Our relationship was… contentious. I was a smart-mouthed know-it-all, and high school was soooooo beneath me. She was a teacher who expected respect, but I had none to give. My dealings with her landed me in the principal’s office more times than I’d care to count. Nevertheless, she saw that I had a gift for foreign language, and she expected me to nurture it. Outwardly I couldn’t have cared less, but inwardly I knew that I loved learning Spanish. She saw through me.

On the last day of class of my senior year (Class of ‘88 rekonize!) she gave me one of her old college Spanish textbooks. I muttered a non-commital “thank you.” Seeing that I wasn’t impressed, she told me to open it to the first page. There, in fading ink, was this note (paraphrased because the book was destroyed when my parents’ basement was flooded):

"Dear Miss [her maiden name]:

Thank you for being one of my best students. I know that you will go far in your career. It has been an honor teaching you.

Professor Such-n-such, Dean of Foreign Languages, Augustana College."

One of my biggest regrets in life is that I let that book get destroyed. :frowning:

My grandfather.

My mom’s dad- he would come over to our house every day and work in the garden and would try to get me interested in it. I, however, knew everything I needed to know about everything and shunned him at every opportunity. I hated gardening and had much better, more important things to do than to spend my time baking in the sun with my grandfather, ya know? Sheesh.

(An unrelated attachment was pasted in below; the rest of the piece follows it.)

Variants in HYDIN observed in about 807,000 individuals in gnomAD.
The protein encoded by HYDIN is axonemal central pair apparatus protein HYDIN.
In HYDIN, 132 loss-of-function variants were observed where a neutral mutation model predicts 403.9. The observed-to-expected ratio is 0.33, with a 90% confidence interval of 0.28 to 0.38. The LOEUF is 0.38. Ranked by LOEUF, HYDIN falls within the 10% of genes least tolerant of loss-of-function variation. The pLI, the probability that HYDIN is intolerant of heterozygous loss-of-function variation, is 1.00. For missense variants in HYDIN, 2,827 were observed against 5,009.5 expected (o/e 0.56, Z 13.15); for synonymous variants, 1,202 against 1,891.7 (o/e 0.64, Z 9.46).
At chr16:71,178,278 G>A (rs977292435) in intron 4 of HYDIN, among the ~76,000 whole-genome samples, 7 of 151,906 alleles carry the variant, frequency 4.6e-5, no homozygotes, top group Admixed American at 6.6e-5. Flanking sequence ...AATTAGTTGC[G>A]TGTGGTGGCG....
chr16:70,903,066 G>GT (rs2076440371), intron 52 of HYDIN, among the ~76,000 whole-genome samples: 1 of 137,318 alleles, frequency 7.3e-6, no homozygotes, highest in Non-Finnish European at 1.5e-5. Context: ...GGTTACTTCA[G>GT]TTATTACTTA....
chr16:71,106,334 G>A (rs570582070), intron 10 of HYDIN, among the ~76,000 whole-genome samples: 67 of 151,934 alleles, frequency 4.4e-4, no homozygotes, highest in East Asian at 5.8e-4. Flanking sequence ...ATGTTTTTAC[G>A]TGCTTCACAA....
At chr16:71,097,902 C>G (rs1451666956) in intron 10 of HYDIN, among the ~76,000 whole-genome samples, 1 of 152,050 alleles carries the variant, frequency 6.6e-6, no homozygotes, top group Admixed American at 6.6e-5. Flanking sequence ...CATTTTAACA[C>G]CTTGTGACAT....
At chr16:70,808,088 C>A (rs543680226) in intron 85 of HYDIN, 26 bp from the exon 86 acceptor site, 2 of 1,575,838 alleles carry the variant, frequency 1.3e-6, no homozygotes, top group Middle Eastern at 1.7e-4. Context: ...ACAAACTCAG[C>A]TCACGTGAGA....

Whenever he had to run to the store for supplies, he took me with him. We’d always somehow swing by McDonald’s for a burger and a shake. In return I figured it would be fair if I helped him out for a few minutes when we got back to the house, but I’d roll my eyes the whole time.

And so it went as I grew up and moved away. His health deterioriated but every time I’d come back to town from college he’d slip a $20 into my hand. He was a self-made man, the kind of guy who could fix anything and would spend hours in the basement or garage tinkering until he ended up with what he wanted.

I gave the eulogy at his funeral and when I was done, I wept uncontrollably. I finally realized how much he loved me and how he kept trying to show me that, by teaching me. He was trying to pass on everything he had known to me, his oldest male grandchild.

Over the years I’ve discovered that I think about him more and more, and how without realizing it, I’m sort of becoming him. We have the same temperment, the same interests, the same need to tinker until we’ve figured it out, the same jack-of-all-trades kind of personality.